Years ago I climbed trees to sample insects high in the canopy. Here is a picture of (part of my boot and) colleague Tim Dilworth, now a PhD. We suspended sampling devices (sticky boards) a different levels and recorded species at each level through an Ohio hardwood. We found unknown insects.
Importantly, the experience gave me true “new perspective.” I had lectured on "the world from 5-feet up," a common human viewing height. To understand the natural world requires snorkeling and digging in earth pits and laying prone on the forest floor for extended periods for things change rapidly. It requires seeing the blended layers of the forest canopy for just as mammals and some birds defend territory and are area and habitat specific, many insects, bats, and birds are layer specific. The world is not flat to them but three dimensional and they know the bounds inside of their “box.”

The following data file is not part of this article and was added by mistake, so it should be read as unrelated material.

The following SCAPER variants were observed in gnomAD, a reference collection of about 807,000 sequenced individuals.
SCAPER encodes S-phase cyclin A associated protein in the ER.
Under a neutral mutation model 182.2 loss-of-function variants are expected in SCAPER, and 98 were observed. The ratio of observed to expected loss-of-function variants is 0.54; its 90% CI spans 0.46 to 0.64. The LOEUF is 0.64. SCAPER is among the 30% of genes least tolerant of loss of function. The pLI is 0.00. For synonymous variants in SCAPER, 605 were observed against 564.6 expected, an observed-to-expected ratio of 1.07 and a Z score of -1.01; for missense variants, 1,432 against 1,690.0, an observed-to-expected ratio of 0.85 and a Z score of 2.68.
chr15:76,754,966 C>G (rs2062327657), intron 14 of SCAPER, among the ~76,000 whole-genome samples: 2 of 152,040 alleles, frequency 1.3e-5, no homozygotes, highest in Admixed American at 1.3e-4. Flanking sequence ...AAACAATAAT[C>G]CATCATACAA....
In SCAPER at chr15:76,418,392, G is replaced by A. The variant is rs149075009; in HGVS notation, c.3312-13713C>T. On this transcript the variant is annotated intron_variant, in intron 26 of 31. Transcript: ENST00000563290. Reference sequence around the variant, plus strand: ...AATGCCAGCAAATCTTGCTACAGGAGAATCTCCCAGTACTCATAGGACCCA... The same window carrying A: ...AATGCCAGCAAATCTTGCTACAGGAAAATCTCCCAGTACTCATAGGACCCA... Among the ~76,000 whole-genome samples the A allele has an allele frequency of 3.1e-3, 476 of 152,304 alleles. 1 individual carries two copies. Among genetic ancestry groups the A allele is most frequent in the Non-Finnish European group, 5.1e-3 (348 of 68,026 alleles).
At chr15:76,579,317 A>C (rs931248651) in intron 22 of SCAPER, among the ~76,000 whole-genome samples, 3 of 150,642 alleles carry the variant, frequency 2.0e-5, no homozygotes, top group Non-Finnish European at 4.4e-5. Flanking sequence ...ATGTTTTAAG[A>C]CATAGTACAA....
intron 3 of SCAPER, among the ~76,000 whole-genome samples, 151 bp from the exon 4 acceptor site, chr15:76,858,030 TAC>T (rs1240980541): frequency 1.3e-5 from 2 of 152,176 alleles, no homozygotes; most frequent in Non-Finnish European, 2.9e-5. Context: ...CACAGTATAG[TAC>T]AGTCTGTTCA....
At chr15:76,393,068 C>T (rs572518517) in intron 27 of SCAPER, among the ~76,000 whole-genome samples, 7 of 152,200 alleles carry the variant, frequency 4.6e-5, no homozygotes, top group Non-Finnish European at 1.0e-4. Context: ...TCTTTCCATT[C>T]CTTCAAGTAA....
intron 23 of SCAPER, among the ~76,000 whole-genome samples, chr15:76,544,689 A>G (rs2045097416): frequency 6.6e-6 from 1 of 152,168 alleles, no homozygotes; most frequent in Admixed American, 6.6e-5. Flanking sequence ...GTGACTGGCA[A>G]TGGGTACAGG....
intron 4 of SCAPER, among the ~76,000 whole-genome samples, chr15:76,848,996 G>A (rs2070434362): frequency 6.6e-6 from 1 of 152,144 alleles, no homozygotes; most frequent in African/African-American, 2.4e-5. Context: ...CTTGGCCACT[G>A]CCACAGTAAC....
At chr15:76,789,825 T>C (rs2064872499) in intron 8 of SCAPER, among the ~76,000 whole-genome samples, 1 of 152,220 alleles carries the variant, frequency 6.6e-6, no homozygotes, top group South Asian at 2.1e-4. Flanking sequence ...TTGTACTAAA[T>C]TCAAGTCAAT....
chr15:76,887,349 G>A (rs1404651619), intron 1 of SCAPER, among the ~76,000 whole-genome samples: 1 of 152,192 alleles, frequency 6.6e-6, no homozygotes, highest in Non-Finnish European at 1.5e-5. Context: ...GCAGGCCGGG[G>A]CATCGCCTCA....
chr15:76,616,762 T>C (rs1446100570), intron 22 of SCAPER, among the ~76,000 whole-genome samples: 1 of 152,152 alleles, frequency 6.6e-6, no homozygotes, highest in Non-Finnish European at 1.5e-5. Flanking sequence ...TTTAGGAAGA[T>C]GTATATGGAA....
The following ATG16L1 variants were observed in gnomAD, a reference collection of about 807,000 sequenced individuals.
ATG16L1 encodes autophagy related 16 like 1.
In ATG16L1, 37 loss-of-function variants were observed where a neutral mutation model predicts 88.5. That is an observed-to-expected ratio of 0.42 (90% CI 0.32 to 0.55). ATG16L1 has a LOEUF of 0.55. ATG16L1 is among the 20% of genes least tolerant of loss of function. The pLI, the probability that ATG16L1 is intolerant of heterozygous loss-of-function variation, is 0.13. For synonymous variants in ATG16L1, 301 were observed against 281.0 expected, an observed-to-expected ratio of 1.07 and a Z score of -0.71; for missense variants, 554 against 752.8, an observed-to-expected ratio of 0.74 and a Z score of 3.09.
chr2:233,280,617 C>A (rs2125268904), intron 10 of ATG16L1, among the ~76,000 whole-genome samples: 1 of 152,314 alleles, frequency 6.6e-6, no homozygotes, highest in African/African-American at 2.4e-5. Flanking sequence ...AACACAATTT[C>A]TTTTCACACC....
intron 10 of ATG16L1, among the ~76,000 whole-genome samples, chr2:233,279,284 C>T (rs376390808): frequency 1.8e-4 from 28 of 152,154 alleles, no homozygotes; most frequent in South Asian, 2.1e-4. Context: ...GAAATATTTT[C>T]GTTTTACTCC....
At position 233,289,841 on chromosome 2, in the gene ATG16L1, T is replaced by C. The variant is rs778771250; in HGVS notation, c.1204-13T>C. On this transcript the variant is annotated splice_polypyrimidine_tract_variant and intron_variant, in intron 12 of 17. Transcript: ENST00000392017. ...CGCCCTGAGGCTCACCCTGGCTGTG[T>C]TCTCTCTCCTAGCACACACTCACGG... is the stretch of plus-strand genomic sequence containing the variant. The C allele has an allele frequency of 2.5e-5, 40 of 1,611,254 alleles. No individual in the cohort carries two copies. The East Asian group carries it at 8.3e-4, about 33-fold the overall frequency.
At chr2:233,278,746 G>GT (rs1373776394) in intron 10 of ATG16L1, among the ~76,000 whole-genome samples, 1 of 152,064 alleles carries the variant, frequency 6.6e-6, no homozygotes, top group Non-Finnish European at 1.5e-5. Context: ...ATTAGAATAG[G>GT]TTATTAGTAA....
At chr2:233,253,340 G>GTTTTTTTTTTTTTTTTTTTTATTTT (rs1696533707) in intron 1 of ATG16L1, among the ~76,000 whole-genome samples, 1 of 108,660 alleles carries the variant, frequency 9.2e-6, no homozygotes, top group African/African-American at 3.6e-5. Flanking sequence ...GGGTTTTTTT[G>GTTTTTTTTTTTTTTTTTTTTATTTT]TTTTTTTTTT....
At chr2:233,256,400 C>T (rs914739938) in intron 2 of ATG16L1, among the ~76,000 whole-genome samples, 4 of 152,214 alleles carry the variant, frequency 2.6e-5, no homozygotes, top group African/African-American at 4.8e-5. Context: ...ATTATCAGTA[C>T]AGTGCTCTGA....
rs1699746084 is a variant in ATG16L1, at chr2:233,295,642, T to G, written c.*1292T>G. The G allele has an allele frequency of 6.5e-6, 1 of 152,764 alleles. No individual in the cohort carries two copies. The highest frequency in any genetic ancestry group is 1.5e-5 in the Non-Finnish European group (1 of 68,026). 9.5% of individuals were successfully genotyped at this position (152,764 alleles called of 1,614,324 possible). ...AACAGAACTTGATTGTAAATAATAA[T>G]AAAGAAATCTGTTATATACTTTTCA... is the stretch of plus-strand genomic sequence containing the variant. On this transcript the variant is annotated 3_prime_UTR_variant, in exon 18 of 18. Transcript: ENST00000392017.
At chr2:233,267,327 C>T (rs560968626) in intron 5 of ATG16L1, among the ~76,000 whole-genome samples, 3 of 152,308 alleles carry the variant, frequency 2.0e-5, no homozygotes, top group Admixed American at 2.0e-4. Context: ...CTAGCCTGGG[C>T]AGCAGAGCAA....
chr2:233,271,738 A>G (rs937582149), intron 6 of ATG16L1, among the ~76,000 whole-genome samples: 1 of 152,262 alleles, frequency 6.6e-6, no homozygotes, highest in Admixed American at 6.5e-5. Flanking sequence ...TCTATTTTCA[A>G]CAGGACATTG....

Animal density, the numbers per unit area, may not be the appropriate expression for analyzing populations animals per unit of available quality volume may be the measure. Its use will reduce variation in studies and help understand and predict future populations.